We definitely went with the “closest of all time” criteria. We both chose people that we have known and been close to for many years, if they weren’t already family. Even if I drift apart from my best friend – which seems unlikely, since we’ve been close for over a decade and across continents (she has been in Japan for over a year, while I’m in the US) – our photos will still bring up happy memories of the many years we spent close to one another.

  5. On another note, Megan’s #3 hits very close to home. I was “kicked out” of another friend’s wedding party because one of the groomsmen who was in the military got deployed. The bride (whom I had known for about 10 years at that point) decided there were no other possible groomsmen and they absolutely could not have an uneven number on either side, so I was “demoted” from bridesmaid to usher.

    Even 5 years later, it still kind of stings, and I don’t know if I’ll ever forget that she chose appearances over having her friends by her side, or that out of 5 bridesmaids, I was the one that was deemed the least important. It was a turning point, and we have now become casual acquaintances – no longer nearly as close as we once were. I sometimes wonder if we would have drifted apart anyway, or if that was the key event that kind of broke our close friendship.

  6. A friend of mine got married last summer, and one of our mutual friends who was also a bridesmaid said she wished she could get married again because then she could have all of us in her wedding pictures 🙂 I don’t forsee this one being a problem for me because my whole wedding party is my sister, his brother, and our niece, but the sentiment was appreciated!

  7. My cousin got married last year, only three months after her sister had died. At her sister’s funeral, a very old friend of my cousin’s (and mine) showed up, which was incredibly sweet and appreciated. I asked my cousin if this friend was also invited to the wedding, and my cousin said that she wasn’t. She explained (in approximately these words), that “this funeral is to celebrate my sister’s life, and all the people who were a part of it; my wedding is a celebration of my life with my partner, which is new and a part of our lives now.”

    I really liked the way she put that, and it made a lot of sense to me. When looking forward to my own wedding, I’ve fluctuated between having three bridespeople (who have been the life-longers), or 8, which would include some people I’ve only become close with recently and who, honestly, may or may not be friends for life.

    I’m now leaning towards having a larger party — though the life-longers will get recognized a bit more in certain ways — largely just because I want to have a great group of friends to hang out with and party with as I prepare for and enjoy the Big Day. It will be a celebration of my life with my partner now, and I want to include the people who are so much a part of this stage of our lives, even if there are no guarantees that they’ll be around forever.

    Also — I plan on inviting one of my friends as a token of our friendship, which has struggled some here and there, but which I value very, very much. Regardless of the future, I want her to know that I love her now, and that I value what she has given me.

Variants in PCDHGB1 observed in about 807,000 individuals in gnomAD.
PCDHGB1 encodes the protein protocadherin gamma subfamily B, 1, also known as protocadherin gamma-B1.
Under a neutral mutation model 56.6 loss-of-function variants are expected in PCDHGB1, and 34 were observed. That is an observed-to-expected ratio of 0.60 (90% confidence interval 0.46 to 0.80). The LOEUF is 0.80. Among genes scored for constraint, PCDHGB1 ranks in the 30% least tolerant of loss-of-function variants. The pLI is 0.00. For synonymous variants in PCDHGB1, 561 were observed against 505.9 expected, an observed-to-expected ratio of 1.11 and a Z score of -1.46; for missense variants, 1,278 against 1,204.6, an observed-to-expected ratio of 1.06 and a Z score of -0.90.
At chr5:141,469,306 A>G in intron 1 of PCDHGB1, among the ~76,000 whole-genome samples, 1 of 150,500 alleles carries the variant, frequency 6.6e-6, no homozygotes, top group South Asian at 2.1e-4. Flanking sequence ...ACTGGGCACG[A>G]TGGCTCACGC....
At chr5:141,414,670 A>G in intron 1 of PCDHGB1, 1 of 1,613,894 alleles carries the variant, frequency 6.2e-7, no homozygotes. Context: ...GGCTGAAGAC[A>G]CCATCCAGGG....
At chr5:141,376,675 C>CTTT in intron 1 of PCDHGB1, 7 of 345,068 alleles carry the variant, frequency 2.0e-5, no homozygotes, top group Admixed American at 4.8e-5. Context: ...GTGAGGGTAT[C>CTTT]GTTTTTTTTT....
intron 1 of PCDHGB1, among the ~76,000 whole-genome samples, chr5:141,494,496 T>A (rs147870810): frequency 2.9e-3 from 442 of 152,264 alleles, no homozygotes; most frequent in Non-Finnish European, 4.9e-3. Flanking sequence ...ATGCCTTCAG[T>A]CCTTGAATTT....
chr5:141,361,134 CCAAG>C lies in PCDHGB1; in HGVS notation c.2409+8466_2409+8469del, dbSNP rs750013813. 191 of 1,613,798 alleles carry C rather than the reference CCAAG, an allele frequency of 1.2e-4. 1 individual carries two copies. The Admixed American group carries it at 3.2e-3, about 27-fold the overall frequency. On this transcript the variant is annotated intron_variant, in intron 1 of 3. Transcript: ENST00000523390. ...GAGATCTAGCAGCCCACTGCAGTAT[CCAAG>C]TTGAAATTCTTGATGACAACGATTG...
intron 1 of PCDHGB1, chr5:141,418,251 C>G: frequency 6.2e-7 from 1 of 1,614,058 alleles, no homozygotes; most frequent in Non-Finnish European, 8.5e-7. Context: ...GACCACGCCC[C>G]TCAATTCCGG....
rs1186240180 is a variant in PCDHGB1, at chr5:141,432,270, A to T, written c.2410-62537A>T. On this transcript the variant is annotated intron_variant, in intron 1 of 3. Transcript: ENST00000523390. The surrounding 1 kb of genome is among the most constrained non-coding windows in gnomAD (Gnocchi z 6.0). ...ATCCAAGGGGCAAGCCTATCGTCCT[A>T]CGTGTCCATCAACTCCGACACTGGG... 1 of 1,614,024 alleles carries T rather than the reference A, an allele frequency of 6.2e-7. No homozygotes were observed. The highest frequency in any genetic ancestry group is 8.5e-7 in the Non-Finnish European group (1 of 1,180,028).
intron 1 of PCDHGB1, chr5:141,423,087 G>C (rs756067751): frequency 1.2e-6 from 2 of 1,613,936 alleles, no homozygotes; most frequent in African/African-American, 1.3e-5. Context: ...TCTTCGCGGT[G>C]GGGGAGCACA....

8. Super good advice all around.

    To add an “or” to Megan’s number 2, I would say that it’s okay to pick folks close to you right now as long as you’re okay with the bridal party representing a snapshot in time.

    I have a picture from my highschool graduation, me and my friends, and I’m only barely pals with a few of them. The rest I almost never speak to. But I love that picture, I love seeing us together as we were, you know what I mean?

    I guess it helps that we drifted apart instead of fighting; we all wish each other well, we just moved on to different things. I only just got married, so I don’t know how I’ll feel when/if friend drift affects the wedding pictures, but I think I’ll be okay with it. The truth of how happy we were to have those people around us, the amount of love everyone showed for us on that day, that’s truth that can’t be erased, it happened.

    Even if we are separated by geography and interest/pursuit or even death, they were there with us and full of love that day. The picture will be great to me forever.

    • That is a wonderful way of thinking and looking at things. There are no guarantees regarding the relationships of the people in that bridal party photo, but one thing you hope is true that the love between you all is true and deep and real for that moment in time.

  9. I hear lots of folks talking about pictures — maybe the moral of the story is that we need to get better about capturing images of our friends and other loved ones OUTSIDE of weddings. 🙂

  10. Our wedding party is going to be my mom, dad, my two sisters, his mom, grandma, brother, and sister. It is really just who we have known our entire lives and lived with growing up. Basically, it’s my immediate family and his immediate family.

    I thought about including my sister’s husbands and kids and his sister’s husband, but really we didn’t grow up with them. So no matter how much I think of them as family now, they weren’t there holding my hand when I was a little kid.

    My best friend I have known since I was in seventh grade and she has been close with me and my fiance since we started dating 6 years ago. She is going to be our officiant, which is the perfect way for her to be a part of the wedding party without sort of mixing up our theme of immediate family only.

    I have a few other really close friends but I just don’t see including them because as much as they have done for me, they will never have the same significance to me as my family does. But I’m really glad they are coming, and I will spend as much time as I can with them at the wedding because they are important to me too.